World Social Forum 2007: Warts and all
NAIROBI. There are a few things about Kasarani stadium, the venue for the 2007 World Social Forum, that seem at odds with the spirit of this now institutionalised annual civil society gathering. The gates, razor wire and sentries stopping-and-searching at the main entrance certainly contradict the spirit of openness that the WSF purports to foster. So too do the regular patrols of red-beretted soldiers toting AK-47s.
Then of course there’s the Kasarani stadium itself. Officially known as the Moi International Sports Centre named after the former despot Daniel Arap Moi, it is widely regarded as a white elephant by many Kenyans. Built with Chinese money in 1987 for the Fourth All-Africa Games at a cost of 21 million Kenyan shillings (approximately $300,000), it has since degraded to a point where Kenyan journalist Dan Teng’o writes: ‘Today, the stadium is a symbol of the rot that has set in sports in Kenya.’
Too expensive for ordinary youth sporting clubs and casual groups in the area, only rich individuals, firms and religious organisations hire the facility for their events. For some locals here that I spoke with, the WSF is just another of these. Few of the residents of the Kasarani area, a few miles outside of Nairobi, will attend the WSF. While the fee for African delegates is a modest 450 Kenyan shillings ($7.00), that’s still too steep for many people here. They find it hard to understand why an ostensibly ‘open’ forum would require such a fee to participate. This is especially true for the million or so slum dwellers of Kibera, Mathare and Korogocho for whom 450 shillings is better spent on basic needs.
The sight of Oxfam-branded 4x4s cruising around flauntingly, the many well-resourced charity and church groups decking out their stalls (and even their own office spaces) with glossies and branded goodies, all reinforce the suspicion that perhaps the WSF has become too institutionalized. Perhaps more worryingly has been the corporate sponsorship of the WSF.
The Forum organizers proudly announced their partnership with Kenya Airways. The same company that has for years allegedly denied the right to assembly of its workers organized under the Aviation and Allied Workers Union. Workers accuse the company of discriminatory practices in its remuneration and recruitments policies as well as denying their rights to form a union. Strike action over the ongoing dispute has been threatened just a few months ago; time enough for the WSF organizers to reconsider their partnership agreement. Such an oversight may well raise a few eyebrows among the many thousands of union and labour activists present here.
Perhaps the most visible of the corporate sponsors of the WSF here is that of Celtel, the once African (now owned by a Kuwaiti transnational) telecommunications giant. Reps from the company are strategically situated throughout the venue pimping Celtel services and wearing the ubiquitous company t-shirts with the slogan: “Making Life Better”. Is Celtel’s version of making life better its long support of the New Economic Partnership for Africa’s Development (NEPAD) – a neoliberal initiative to encourage more of the same World Bank/IMF prescriptions many of the participants here have been fighting for decades? According to South African scholar activist Patrick Bond:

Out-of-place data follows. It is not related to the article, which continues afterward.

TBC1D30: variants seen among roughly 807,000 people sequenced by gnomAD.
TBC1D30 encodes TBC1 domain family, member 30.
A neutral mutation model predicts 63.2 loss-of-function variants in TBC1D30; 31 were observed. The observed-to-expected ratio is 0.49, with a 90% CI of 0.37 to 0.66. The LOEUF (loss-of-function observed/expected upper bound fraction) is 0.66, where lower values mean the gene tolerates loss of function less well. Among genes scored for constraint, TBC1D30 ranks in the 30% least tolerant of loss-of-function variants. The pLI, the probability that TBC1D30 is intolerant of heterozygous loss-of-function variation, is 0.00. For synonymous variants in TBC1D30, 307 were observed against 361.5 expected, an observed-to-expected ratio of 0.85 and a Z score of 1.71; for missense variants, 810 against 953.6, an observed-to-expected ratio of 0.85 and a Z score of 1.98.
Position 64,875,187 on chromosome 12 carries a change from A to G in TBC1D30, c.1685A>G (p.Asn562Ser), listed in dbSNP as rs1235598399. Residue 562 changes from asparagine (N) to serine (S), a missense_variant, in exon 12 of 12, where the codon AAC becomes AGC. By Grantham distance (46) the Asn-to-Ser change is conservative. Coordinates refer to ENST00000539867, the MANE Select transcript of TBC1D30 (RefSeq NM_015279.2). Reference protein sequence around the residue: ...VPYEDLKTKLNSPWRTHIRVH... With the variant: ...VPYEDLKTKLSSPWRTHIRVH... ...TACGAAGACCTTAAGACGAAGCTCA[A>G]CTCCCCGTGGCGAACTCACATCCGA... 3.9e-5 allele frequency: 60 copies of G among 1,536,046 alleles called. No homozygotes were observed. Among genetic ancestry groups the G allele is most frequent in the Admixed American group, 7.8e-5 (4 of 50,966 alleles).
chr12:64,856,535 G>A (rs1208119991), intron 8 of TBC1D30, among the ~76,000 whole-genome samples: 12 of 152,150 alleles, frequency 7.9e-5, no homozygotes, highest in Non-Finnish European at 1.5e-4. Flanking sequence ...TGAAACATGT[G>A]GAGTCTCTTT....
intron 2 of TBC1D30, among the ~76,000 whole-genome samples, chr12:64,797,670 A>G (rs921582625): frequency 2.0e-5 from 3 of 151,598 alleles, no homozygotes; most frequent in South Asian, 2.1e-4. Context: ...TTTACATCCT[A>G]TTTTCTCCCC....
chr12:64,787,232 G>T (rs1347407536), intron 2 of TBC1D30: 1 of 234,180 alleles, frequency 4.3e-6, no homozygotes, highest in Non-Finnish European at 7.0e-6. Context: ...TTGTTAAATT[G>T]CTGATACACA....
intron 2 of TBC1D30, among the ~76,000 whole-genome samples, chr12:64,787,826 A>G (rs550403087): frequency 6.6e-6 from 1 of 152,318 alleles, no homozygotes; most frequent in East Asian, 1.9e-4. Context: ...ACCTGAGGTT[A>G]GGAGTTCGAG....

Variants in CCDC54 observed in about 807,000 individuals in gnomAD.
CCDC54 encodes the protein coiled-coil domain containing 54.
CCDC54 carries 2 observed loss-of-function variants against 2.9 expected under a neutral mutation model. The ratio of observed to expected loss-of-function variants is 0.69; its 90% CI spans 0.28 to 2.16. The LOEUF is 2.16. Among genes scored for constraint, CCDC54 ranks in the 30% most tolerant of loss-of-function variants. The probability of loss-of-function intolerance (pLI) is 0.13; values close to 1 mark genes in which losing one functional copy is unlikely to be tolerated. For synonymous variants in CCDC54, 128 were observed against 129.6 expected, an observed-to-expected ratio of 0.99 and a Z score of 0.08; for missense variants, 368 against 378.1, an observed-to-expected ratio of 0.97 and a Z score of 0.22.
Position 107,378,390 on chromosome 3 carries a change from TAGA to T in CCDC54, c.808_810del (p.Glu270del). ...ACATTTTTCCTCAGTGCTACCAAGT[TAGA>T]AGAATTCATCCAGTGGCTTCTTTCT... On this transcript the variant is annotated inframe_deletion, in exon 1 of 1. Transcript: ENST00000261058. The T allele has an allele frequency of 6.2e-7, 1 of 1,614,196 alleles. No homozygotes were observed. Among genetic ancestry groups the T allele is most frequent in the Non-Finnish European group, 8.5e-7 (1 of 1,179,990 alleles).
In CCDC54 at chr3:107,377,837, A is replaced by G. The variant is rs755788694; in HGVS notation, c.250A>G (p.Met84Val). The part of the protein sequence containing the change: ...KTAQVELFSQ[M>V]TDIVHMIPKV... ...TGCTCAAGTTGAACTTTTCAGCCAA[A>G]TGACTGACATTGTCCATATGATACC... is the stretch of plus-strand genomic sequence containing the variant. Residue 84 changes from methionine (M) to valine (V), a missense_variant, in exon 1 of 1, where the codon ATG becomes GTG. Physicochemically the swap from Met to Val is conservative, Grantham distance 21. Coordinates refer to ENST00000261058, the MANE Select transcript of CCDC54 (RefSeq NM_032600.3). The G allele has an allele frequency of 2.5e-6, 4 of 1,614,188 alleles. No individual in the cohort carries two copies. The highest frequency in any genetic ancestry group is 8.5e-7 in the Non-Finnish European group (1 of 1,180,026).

NEPAD evolved under conditions of smoke-filled-room secrecy, in close contact with Bill Clinton and Tony Blair (several times during 2000), the G8 (in Okinawa in 2000 and Genoa in 2001), the Bretton Woods Institutions (in repeated meetings) and international capital (at Davos in 2001). As a result, the plan denies the rich contributions of African social struggles in its very genesis. Instead, it empowers transnational corporations, Northern donor agency technocrats, Washington financial agencies, Geneva trade bureaucrats, Machiavellian Pretoria geopoliticians and Johannesburg capitalists, in a coy mix of imperialism and South African sub-imperialism.
Not exactly the sort of values the WSF espouses, and certainly at odds with the vast majority of the African activists here who oppose neoliberal prescriptions such as NEPAD and its various mutations.
These are worrying trends indeed. With the World Social Forum now in its seventh year, there are some important questions to be asked regarding its future and its stewardship. Despite its problems though, the Forum still has its strongest asset – the people. Walking around, one encounters inspiring committed activists from all over the world all trying to do their part to make the world a better place. The value of this can’t be overstated. People meet, organize, plan and debate. They also laugh, sing, dance and build friendships that last. Put people like this in the most corporate anti-social, inhospitable environment and the Forum would still be alive. It is the people who make it.
Sure there are contradictions and hypocrisies aplenty. And as activists, it is our duty to point them out and challenge them. But despite its problems, the World Social Forum is still a great thing, and maybe; just maybe, all this time and energy, all these strengthened relationships, sharing and training will make the world just that little bit better.